Explaining Microsoft's Monthly Patches in Non-Technical Terms
posts - 21, comments - 51, trackbacks - 2

Thursday, October 09, 2003

Microsoft Changes Patch Strategy

Microsoft today announced that it will be changing the way it handles patching. Basically, work is being done to beef up the Windows security perimeter. The majority of this work will be released soon in Windows XP Service Pack 2. I plan to detail these changes over the next few days, but for now, here's how it affects PatchDayReview:

  • Microsoft is changing their patching from weekly to monthly unless critical flaws are discovered). That means that this site will not be as demanding on my daily schedule.
  • Microsoft will be devoting more of their efforts to integrated security, and I will do my best to keep you informed in the same clear and simple terms that I use for my patches.

As I said, I will be detailing more of these changes within the next few days. For now, here are some links to this news on the web:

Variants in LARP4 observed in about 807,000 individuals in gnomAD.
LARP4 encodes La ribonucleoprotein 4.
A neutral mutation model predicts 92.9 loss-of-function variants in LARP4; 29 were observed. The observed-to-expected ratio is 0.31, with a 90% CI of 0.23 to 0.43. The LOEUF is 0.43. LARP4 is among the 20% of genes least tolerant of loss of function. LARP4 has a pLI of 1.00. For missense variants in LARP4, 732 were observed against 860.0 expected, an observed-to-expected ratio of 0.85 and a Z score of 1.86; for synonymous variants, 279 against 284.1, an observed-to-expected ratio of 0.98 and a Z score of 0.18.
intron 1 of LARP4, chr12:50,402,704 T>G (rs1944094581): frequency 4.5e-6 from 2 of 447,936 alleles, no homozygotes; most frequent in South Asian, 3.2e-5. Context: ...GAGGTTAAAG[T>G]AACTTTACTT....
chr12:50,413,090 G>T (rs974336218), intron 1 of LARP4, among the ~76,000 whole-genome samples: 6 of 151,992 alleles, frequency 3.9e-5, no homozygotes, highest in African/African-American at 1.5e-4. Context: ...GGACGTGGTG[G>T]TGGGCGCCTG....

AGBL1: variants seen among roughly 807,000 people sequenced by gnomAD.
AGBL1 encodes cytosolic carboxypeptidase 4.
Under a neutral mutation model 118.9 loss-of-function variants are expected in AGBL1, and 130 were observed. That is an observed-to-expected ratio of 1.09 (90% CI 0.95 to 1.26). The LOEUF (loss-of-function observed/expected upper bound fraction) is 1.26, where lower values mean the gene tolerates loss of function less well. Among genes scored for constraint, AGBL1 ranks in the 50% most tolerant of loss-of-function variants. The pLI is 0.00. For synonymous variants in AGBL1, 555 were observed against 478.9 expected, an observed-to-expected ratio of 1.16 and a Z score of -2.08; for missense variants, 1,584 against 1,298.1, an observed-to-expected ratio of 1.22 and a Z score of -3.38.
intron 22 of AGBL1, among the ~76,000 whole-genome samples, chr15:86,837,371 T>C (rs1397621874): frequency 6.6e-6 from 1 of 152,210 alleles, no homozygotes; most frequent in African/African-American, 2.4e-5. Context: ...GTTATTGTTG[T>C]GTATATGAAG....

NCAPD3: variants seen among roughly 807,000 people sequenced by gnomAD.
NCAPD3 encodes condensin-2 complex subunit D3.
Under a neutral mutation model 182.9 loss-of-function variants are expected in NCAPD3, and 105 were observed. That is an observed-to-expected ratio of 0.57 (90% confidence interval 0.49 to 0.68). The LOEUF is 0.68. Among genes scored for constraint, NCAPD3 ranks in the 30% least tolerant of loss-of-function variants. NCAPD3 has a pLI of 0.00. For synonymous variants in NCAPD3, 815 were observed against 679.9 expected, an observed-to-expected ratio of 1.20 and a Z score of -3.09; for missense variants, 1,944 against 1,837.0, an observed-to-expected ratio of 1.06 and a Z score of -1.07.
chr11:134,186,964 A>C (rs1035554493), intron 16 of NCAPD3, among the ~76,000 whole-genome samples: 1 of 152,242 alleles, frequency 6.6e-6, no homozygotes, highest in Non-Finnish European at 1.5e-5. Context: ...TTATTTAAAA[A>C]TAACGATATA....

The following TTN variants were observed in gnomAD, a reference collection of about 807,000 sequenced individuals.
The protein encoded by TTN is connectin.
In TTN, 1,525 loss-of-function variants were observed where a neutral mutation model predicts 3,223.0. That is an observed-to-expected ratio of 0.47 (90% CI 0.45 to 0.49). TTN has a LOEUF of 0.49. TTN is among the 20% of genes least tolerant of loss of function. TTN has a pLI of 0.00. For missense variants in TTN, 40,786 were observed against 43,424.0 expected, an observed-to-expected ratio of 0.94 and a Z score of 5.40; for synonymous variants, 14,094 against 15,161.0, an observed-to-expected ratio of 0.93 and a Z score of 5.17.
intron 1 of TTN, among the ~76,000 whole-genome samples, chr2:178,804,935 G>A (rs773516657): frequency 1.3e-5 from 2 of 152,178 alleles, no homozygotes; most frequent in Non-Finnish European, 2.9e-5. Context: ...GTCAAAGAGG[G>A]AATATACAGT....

Your Friend In Security,
Robert “Patch” McLaws

Posted at 1:41 PM | Feedback (3) Around The Web

Well, someone's done it!  They've blown the cover on Microsoft's insistence that all information coming out of them has to be as complicated and un-user friendly as possible. 

...This is good stuff, kids.  Visit, Use, DO!
[Jason Ketterman]

Microsoft issues patches for vulnerabilities in its software at the rate of about one a week - the 40 weeks of 2003 have seen exactly the same number of advisories though some weeks have been more "patchy" than others - but the advisories are so jargon -heavy that few non-technical users can understand them.

This is the reasoning behind PatchDayReview, a site set up by Interscape Technologies, says its president and chief software architect, Robert McLaws.

I just found a great little site (via techno weenie). It is called patch day review, and it basically keeps you up to date with all the latest patches released, and their importance.

This is very useful for me, because after the last bug I disabled all ActiveX controls in IE, so to goto WindowsUpdate I have to re-enable ActiveX first. Now I can see whats going on before messing with ActiveX. Also he gives nice little explanations!

Posted at 11:44 AM | Feedback (1)